How Long Does the Average Person Have to Live After Being Diagnosed With Pancreatic Cancer?
You know certain types of cancer — like breast, lung, and skin — are certainly ones to watch out for. And your doctor may have even given you guidance for checking for cancer symptoms in the comfort of your own home. It’s important to keep in mind that pancreatic cancer is also one of the more common types to develop, however — and that’s particularly true if it runs in your family. Here’s what you need to know about the disease, including how long you can expect to live after diagnosis.
Pancreatic cancer has one of the highest mortality rates
To be clear, pancreatic cancer occurs when cancerous cells form in the pancreas, which is the gland that’s in front of the spine and below the stomach, WebMD explains. Your pancreas is responsible for producing hormones that help regulate your blood sugar, and it also helps create digestive juices.
There are certain risk factors for pancreatic cancer you should know. Like all cancers, if it runs in your family, you have a greater risk of developing it yourself. Not only that, but smoking and having long-standing diabetes can also increase your risk. And if you have chronic pancreatitis or an inherited condition that affects the pancreas (even if it’s not cancer), talk to your doctor about ways you can lower your odds.
You should also know that pancreatic cancer is particularly deadly — and death rates are on the rise. The Hirshberg Foundation for Pancreatic Cancer Research notes it’s currently the third leading cause of cancer-related death in the U.S. And by 2020, it’s expected to be the second leading cause. Out of all the major cancers, it has the highest mortality rate.
Symptoms to watch out for
Your pancreas isn’t often a gland you think about, so you should know what the symptoms of a problem are if they should arise. The Pancreatic Cancer Action Network reports unexplainable and persistent back and stomach pain can be caused by a tumor in the gland. Also, cancer in this region can cause bloating from fluid build-up in the abdomen. Jaundice, a change in your stool, or a new diabetes diagnoses are all red flags that something may be amiss.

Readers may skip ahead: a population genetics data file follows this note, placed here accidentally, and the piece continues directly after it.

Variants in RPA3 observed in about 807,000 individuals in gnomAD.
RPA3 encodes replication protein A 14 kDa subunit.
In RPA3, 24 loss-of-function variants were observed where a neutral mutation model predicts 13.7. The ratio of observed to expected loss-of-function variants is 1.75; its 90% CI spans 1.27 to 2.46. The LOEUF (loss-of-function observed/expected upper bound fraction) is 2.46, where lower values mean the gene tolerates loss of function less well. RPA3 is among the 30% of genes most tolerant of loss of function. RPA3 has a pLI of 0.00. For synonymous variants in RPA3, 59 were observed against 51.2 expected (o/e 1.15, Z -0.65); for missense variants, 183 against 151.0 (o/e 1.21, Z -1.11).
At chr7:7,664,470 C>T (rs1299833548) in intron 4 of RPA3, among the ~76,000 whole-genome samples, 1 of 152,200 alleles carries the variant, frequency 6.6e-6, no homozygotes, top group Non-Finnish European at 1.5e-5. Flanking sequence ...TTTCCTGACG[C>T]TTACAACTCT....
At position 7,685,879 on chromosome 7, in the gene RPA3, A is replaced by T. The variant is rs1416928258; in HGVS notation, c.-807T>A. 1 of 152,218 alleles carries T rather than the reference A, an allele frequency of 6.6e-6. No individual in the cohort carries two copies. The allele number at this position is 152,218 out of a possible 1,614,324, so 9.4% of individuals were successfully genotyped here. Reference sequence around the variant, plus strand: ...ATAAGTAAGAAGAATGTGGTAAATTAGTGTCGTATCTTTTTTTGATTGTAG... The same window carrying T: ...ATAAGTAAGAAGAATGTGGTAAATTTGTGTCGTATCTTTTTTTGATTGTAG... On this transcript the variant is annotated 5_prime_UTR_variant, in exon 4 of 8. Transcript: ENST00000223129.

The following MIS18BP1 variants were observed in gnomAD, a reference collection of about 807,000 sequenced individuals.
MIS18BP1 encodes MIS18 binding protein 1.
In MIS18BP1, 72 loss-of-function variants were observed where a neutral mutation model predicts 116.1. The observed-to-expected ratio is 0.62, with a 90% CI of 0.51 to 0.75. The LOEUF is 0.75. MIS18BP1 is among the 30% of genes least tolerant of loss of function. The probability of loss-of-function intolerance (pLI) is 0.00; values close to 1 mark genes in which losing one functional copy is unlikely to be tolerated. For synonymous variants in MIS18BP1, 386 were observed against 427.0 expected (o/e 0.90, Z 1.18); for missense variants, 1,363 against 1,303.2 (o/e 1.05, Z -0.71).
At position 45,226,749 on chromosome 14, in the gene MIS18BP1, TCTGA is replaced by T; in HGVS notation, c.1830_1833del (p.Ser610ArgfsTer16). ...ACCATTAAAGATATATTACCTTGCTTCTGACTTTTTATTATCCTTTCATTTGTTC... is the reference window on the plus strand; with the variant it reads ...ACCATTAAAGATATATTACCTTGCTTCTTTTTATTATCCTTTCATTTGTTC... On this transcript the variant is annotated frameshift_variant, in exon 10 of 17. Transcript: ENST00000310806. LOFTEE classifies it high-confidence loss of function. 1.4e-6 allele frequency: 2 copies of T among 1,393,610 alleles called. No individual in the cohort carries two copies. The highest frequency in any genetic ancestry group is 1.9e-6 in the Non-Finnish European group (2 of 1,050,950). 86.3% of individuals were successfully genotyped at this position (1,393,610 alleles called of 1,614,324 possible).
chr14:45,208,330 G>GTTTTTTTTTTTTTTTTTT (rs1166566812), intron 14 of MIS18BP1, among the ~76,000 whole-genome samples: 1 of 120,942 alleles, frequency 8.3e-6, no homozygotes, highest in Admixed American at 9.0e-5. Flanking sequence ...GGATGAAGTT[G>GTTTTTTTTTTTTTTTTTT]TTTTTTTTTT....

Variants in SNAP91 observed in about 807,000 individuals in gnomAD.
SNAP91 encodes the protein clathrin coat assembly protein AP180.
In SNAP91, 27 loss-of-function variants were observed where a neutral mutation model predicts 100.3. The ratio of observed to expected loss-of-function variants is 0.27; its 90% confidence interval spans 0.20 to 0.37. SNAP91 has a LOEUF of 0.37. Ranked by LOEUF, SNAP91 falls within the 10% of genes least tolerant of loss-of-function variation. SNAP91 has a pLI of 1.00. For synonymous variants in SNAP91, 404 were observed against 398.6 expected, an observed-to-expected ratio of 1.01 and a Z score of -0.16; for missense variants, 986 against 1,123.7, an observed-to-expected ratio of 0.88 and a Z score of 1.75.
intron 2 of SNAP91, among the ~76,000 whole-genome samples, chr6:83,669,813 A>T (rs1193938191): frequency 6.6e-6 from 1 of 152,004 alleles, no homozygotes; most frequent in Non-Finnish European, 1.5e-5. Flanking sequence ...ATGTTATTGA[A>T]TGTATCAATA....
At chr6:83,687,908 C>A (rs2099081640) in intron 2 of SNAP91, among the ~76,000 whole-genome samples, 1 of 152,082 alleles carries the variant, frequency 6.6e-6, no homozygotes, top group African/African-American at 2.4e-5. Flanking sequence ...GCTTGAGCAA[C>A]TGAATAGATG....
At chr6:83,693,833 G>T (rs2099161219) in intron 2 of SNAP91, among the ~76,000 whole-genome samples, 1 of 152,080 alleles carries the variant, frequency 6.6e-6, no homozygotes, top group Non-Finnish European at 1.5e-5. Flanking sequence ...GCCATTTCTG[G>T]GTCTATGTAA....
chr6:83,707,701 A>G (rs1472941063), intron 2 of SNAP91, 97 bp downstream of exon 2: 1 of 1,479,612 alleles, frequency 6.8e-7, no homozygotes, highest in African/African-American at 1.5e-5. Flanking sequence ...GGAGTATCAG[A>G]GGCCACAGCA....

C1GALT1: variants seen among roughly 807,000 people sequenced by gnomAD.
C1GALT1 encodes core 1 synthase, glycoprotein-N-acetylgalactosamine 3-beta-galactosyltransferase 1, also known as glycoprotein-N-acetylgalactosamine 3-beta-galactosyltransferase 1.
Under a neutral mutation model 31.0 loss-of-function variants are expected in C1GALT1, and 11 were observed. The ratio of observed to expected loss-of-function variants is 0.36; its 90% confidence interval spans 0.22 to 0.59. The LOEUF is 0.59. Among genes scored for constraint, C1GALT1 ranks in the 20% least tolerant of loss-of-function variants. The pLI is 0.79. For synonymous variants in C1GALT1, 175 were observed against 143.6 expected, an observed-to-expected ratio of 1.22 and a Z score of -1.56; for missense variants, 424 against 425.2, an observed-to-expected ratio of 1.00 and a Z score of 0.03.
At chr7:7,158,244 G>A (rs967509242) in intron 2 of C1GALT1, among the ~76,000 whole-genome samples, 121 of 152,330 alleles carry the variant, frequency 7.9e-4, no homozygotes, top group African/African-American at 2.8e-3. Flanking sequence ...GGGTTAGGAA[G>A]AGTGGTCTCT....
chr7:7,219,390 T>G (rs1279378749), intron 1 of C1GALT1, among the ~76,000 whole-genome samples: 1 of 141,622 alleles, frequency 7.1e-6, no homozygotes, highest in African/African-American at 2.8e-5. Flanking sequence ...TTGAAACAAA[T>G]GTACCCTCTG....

As for diabetes, there’s a significant link between the condition and pancreatic cancer. Research shows that those over 50 who develop diabetes may actually be experiencing an early sign of cancer. For those who already have diabetes, a change in blood sugar levels out of the blue is another symptom.
How long you can expect to live after diagnosis
Unfortunately, the outlook for those with pancreatic cancer isn’t promising. The Hirshberg Foundation reports in 2018 alone, roughly 55,440 Americans will be diagnosed, and over 44,330 will die. Within the first year of diagnosis, it’s also estimated that 74% of all patients will die. And at all stages of the disease, the five-year survival rate is just 8%.
There is hope for those who are diagnosed extremely early, however. The five-year outlook for those with an early diagnosis where cancer has not spread beyond the pancreas shoots up to 32%.
So, why is this cancer so deadly? Currently, diagnosing the disease early on when tumor removal is possible is incredibly difficult, as there aren’t any early-detection tools available. Only 20% of those diagnosed can have their tumors operated on.
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